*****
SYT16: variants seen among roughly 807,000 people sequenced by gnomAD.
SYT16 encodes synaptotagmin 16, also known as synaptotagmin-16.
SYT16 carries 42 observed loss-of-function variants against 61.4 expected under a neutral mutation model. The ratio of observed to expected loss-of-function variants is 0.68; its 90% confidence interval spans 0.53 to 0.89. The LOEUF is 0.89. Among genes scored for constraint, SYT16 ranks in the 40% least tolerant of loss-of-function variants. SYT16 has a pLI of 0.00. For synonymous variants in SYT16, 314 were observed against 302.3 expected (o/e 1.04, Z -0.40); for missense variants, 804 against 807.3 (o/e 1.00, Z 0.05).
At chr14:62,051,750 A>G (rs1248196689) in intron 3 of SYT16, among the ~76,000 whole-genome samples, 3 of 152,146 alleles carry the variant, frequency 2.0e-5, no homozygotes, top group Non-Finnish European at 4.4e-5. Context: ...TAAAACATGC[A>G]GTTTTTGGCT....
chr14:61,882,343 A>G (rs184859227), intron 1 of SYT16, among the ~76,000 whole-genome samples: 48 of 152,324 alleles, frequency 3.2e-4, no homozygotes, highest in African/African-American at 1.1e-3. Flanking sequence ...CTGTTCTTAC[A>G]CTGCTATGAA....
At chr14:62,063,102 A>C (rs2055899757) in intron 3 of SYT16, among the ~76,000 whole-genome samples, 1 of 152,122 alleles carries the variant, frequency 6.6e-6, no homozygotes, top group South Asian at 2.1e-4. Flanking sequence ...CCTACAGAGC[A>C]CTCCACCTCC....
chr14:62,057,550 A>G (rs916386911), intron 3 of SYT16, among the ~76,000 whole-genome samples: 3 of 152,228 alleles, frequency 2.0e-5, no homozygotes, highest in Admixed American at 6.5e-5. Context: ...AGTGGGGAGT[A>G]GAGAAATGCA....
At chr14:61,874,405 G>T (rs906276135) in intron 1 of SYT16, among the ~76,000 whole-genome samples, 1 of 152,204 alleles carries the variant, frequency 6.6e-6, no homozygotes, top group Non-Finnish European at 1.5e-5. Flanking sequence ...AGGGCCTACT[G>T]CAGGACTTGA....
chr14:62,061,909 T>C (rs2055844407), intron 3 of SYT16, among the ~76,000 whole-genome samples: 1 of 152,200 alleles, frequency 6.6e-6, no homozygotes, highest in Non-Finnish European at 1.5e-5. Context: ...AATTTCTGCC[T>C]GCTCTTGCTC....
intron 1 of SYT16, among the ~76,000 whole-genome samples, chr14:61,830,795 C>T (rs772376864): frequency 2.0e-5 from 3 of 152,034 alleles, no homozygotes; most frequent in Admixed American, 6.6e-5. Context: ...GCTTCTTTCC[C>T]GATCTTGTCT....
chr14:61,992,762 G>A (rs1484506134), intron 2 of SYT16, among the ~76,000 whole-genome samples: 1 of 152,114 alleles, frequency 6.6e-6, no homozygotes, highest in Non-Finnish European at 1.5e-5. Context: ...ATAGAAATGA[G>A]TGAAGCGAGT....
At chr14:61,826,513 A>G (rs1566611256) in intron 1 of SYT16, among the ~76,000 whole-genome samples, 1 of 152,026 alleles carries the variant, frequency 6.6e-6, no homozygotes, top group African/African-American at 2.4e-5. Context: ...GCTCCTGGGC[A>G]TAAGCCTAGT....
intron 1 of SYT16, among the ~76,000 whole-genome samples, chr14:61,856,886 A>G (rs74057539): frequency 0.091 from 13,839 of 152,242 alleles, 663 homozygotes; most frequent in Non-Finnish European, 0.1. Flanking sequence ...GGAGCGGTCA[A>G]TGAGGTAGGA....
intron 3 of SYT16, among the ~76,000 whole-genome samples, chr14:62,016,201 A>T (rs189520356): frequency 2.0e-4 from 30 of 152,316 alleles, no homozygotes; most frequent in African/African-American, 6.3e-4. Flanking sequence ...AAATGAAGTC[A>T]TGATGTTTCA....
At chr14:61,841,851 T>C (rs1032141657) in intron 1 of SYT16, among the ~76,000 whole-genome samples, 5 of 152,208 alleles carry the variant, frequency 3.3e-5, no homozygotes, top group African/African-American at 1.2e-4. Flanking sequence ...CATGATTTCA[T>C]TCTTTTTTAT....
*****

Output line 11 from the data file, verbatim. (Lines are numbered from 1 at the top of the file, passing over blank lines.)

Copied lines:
chr14:61,992,762 G>A (rs1484506134), intron 2 of SYT16, among the ~76,000 whole-genome samples: 1 of 152,114 alleles, frequency 6.6e-6, no homozygotes, highest in Non-Finnish European at 1.5e-5. Context: ...ATAGAAATGA[G>A]TGAAGCGAGT....